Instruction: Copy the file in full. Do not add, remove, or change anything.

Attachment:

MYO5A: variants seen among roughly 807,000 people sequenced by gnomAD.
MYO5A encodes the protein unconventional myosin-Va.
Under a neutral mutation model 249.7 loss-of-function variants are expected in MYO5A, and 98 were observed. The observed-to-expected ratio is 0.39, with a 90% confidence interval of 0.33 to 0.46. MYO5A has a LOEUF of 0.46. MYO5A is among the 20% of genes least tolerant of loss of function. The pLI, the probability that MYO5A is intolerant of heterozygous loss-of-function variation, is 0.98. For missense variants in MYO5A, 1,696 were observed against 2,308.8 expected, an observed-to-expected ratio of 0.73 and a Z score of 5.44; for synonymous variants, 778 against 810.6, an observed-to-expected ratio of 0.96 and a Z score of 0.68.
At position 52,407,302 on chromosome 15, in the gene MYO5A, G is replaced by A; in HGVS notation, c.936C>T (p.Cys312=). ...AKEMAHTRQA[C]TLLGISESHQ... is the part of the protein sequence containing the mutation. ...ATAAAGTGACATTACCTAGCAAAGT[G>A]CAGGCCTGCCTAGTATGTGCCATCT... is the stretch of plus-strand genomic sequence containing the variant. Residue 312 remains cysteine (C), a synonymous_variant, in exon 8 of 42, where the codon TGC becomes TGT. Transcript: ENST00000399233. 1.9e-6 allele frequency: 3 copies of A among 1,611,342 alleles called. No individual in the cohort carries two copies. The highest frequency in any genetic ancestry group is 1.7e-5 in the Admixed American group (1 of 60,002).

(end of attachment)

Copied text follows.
MYO5A: variants seen among roughly 807,000 people sequenced by gnomAD.
MYO5A encodes the protein unconventional myosin-Va.
Under a neutral mutation model 249.7 loss-of-function variants are expected in MYO5A, and 98 were observed. The observed-to-expected ratio is 0.39, with a 90% confidence interval of 0.33 to 0.46. MYO5A has a LOEUF of 0.46. MYO5A is among the 20% of genes least tolerant of loss of function. The pLI, the probability that MYO5A is intolerant of heterozygous loss-of-function variation, is 0.98. For missense variants in MYO5A, 1,696 were observed against 2,308.8 expected, an observed-to-expected ratio of 0.73 and a Z score of 5.44; for synonymous variants, 778 against 810.6, an observed-to-expected ratio of 0.96 and a Z score of 0.68.
At position 52,407,302 on chromosome 15, in the gene MYO5A, G is replaced by A; in HGVS notation, c.936C>T (p.Cys312=). ...AKEMAHTRQA[C]TLLGISESHQ... is the part of the protein sequence containing the mutation. ...ATAAAGTGACATTACCTAGCAAAGT[G>A]CAGGCCTGCCTAGTATGTGCCATCT... is the stretch of plus-strand genomic sequence containing the variant. Residue 312 remains cysteine (C), a synonymous_variant, in exon 8 of 42, where the codon TGC becomes TGT. Transcript: ENST00000399233. 1.9e-6 allele frequency: 3 copies of A among 1,611,342 alleles called. No individual in the cohort carries two copies. The highest frequency in any genetic ancestry group is 1.7e-5 in the Admixed American group (1 of 60,002).